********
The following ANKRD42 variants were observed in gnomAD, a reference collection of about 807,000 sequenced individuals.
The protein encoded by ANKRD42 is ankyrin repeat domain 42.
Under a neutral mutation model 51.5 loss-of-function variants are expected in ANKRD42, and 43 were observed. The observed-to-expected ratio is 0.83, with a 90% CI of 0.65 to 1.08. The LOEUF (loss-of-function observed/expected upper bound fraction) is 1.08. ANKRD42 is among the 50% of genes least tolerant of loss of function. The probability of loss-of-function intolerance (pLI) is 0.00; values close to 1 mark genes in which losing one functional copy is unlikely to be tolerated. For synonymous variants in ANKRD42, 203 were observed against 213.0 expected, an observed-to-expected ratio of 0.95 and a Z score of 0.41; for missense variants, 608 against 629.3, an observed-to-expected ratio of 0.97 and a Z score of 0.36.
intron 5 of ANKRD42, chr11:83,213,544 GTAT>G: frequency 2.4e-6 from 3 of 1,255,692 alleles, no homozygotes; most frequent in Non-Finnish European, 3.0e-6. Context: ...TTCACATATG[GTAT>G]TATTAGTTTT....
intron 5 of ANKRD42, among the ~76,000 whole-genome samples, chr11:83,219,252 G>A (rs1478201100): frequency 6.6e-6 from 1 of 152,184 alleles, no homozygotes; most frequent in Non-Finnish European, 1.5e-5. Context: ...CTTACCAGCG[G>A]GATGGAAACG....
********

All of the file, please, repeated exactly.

The following ANKRD42 variants were observed in gnomAD, a reference collection of about 807,000 sequenced individuals.
The protein encoded by ANKRD42 is ankyrin repeat domain 42.
Under a neutral mutation model 51.5 loss-of-function variants are expected in ANKRD42, and 43 were observed. The observed-to-expected ratio is 0.83, with a 90% CI of 0.65 to 1.08. The LOEUF (loss-of-function observed/expected upper bound fraction) is 1.08. ANKRD42 is among the 50% of genes least tolerant of loss of function. The probability of loss-of-function intolerance (pLI) is 0.00; values close to 1 mark genes in which losing one functional copy is unlikely to be tolerated. For synonymous variants in ANKRD42, 203 were observed against 213.0 expected, an observed-to-expected ratio of 0.95 and a Z score of 0.41; for missense variants, 608 against 629.3, an observed-to-expected ratio of 0.97 and a Z score of 0.36.
intron 5 of ANKRD42, chr11:83,213,544 GTAT>G: frequency 2.4e-6 from 3 of 1,255,692 alleles, no homozygotes; most frequent in Non-Finnish European, 3.0e-6. Context: ...TTCACATATG[GTAT>G]TATTAGTTTT....
intron 5 of ANKRD42, among the ~76,000 whole-genome samples, chr11:83,219,252 G>A (rs1478201100): frequency 6.6e-6 from 1 of 152,184 alleles, no homozygotes; most frequent in Non-Finnish European, 1.5e-5. Context: ...CTTACCAGCG[G>A]GATGGAAACG....